Ancient people may have possessed high levels of medical ability

Người cổ đại có thể đã sở hữu khả năng y học trình độ cao ảnh 1 The bone was cut very cleanly, showing that ancient people in Indonesia had undergone amputation surgery. (Source: CNN)

Archaeologists have just found in a shallow grave, located in a rarely visited cave in Indonesia, the remains of a young person with traces that could change the history of medicine.

Using radiocarbon dating techniques, scientists estimate the remains located in Liang Tebo cave in eastern Kalimantan province have been undisturbed for 31,000 years, according to research published in the journal Nature on September 7.

But the most notable thing is that this remains, whether male or female, is missing its left leg. It appears that the leg was carefully amputated, when the person was in his teens or early teens, before dying of unknown causes between the ages of 19 and 21.

Australian and Indonesian archaeologists, who found relatively intact remains in 2020, assessed that the amputation showed considerable surgical skill of the ancients. If accurately verified, this could be the earliest case of amputation in history, completely changing our understanding of the level of Stone Age humans.

“This discovery is significant because it pushes back our established understanding of surgery,” said Maxime Aubert, a professor at Griffith University’s Center for Social and Cultural Research in Queensland, Australia. and complex medicine. Ancient people must have had extensive knowledge of anatomy, understood how to stop blood flow, how to give anesthesia and sterilize surgical equipment. All of this has only recently become the norm.”

Người cổ đại có thể đã sở hữu khả năng y học trình độ cao ảnh 2 Liang Tebo Cave, where the archaeological team found unique remains. (Source: CNN)

Experts once thought that humans lacked the expertise to perform complex treatments such as amputations. They argue that this activity only occurred with the emergence of agriculture and permanent settlements that have transformed human society in the last 10,000 years.

Before the new discovery, the oldest known remains of a person undergoing surgery were an elderly farmer whose left forearm was amputated 7,000 years ago in what is now France. 100 years ago, amputation surgery became a regular practice in Western medicine. Research shows that before important research such as antibiotics became available, most patients would have died by the time they had to undergo amputation for treatment.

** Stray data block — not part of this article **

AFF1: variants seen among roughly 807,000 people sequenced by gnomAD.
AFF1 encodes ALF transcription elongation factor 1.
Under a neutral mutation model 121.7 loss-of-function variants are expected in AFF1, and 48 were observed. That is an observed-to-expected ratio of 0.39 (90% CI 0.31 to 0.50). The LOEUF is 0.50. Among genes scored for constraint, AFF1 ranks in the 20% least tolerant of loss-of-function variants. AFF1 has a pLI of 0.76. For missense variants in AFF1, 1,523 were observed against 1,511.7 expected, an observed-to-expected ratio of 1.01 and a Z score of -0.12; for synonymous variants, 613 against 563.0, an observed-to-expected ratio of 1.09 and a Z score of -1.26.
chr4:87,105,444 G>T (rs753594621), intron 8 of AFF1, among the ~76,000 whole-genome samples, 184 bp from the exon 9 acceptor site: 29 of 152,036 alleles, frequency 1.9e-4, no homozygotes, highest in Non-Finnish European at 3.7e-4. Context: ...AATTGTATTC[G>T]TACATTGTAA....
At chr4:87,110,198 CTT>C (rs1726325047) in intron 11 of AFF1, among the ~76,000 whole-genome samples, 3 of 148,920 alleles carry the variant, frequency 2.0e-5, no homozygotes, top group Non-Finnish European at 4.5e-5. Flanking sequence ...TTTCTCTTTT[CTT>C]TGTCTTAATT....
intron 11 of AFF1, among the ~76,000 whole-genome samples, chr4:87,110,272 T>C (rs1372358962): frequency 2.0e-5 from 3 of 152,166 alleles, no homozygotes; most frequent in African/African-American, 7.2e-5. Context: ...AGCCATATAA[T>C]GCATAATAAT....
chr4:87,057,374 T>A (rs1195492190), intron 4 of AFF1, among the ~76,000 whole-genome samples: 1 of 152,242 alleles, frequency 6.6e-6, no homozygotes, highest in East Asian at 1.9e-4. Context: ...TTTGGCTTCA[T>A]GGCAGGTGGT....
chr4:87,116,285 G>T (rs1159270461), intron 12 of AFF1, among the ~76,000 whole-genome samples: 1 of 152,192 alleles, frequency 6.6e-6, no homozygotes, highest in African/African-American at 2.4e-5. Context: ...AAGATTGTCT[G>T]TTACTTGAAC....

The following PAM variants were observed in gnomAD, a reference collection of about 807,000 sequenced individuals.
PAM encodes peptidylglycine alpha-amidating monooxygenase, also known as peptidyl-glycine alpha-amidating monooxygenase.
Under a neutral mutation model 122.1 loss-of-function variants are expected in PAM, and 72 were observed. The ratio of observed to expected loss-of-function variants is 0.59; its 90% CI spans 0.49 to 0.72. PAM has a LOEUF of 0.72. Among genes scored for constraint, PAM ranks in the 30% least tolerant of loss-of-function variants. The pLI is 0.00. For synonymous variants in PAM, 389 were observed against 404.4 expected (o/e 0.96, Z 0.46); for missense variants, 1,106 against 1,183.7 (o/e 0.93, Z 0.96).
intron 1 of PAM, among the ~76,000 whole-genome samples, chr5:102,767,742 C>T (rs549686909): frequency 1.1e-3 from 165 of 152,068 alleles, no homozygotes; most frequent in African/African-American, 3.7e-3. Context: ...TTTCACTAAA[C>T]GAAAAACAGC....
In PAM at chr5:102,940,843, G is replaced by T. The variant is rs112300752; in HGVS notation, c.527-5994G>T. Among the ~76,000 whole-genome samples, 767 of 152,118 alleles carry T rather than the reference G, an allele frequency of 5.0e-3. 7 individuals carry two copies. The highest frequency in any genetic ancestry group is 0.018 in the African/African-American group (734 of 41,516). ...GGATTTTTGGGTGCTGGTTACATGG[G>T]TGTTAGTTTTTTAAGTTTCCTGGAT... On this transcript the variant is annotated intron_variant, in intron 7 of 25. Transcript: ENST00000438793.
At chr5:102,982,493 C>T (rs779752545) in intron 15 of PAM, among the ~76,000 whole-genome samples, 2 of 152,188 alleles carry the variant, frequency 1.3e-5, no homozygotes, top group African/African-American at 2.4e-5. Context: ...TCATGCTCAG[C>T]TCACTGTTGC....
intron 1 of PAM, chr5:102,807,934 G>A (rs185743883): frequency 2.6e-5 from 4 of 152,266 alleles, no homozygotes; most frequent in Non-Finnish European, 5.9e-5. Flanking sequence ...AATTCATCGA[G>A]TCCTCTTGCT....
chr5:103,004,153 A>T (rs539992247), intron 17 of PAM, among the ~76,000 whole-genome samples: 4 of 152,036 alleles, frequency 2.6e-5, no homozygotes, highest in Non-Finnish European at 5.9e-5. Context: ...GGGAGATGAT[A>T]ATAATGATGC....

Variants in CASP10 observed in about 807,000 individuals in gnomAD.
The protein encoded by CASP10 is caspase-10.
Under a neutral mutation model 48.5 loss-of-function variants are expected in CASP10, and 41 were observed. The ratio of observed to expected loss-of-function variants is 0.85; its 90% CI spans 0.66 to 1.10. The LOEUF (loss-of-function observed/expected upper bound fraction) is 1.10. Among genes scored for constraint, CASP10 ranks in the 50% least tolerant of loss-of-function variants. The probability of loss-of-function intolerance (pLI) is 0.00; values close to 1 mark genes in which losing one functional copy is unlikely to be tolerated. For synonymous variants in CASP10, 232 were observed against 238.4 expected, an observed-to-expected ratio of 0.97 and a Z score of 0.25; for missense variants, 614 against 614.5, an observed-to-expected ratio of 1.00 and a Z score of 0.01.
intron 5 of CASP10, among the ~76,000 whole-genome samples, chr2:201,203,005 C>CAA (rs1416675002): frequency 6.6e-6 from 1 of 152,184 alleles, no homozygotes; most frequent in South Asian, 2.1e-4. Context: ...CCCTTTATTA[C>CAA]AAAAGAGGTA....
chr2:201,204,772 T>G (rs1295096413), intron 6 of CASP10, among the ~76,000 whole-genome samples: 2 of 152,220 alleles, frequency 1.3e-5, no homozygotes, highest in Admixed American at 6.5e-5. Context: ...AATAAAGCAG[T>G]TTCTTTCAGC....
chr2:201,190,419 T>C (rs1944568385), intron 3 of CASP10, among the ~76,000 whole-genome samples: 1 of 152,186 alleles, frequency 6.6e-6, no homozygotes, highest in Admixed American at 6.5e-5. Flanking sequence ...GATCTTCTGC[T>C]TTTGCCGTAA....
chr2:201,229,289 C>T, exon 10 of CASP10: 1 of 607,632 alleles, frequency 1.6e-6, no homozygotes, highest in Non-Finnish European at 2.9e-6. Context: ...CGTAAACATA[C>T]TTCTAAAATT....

“Blood loss, shock and infection are the main causes of death after amputation,” said Tim Maloney, a researcher at Griffith University and one of the study’s co-authors. adding that throughout human history, this continued until recently.

According to the research team, the ancient patient in Indonesia had his left leg amputated when he was a child. This person lived another 6 to 9 years after surgery. There was no trace of infection in the bone, and new bone growth had formed over the amputated area – a phenomenon that takes time to occur. Additionally, while the rest of the skeleton is adult sized, the coccyx stops growing and retains the same size as when the patient was a child.

A surgeon or team of surgeons performed amputations 31,000 years ago. Maybe they used plasters and surgical tools made from stone. They also seem to have detailed knowledge of anatomy and the musculoskeletal system to perform surgery successfully, while preventing blood loss, infection, and death for patients.

After amputation, intensive care may become very important. The wound may have been regularly cleaned and disinfected. Additionally, to live in a mountainous area in ancient Indonesia, patients may have needed a lot of help from the community.

Người cổ đại có thể đã sở hữu khả năng y học trình độ cao ảnh 3 Simulated image of an ancient patient after undergoing amputation surgery. (Source: CNN)

“This child survived surgery and lived for many more years,” said Charlotte Roberts, emeritus professor in the Department of Archeology at Durham University, UK, in a commentary published alongside the study. Later. This is very surprising.”

Roberts agrees with the team’s assessment that the limb was removed intentionally. Accidental amputation will not leave such a “clean” cut mark. There is also no evidence that the left leg was cut off as a punishment, which Roberts would have easily identified because she trained as a nurse before working as an archaeologist.

Australian scientists on the research team assessed that the surgical team probably had good knowledge of medicinal plants, such as antiseptics, that grow in the Borneo rainforest. It cannot be ruled out that they used these drugs to support surgical operations and post-operative treatment./.

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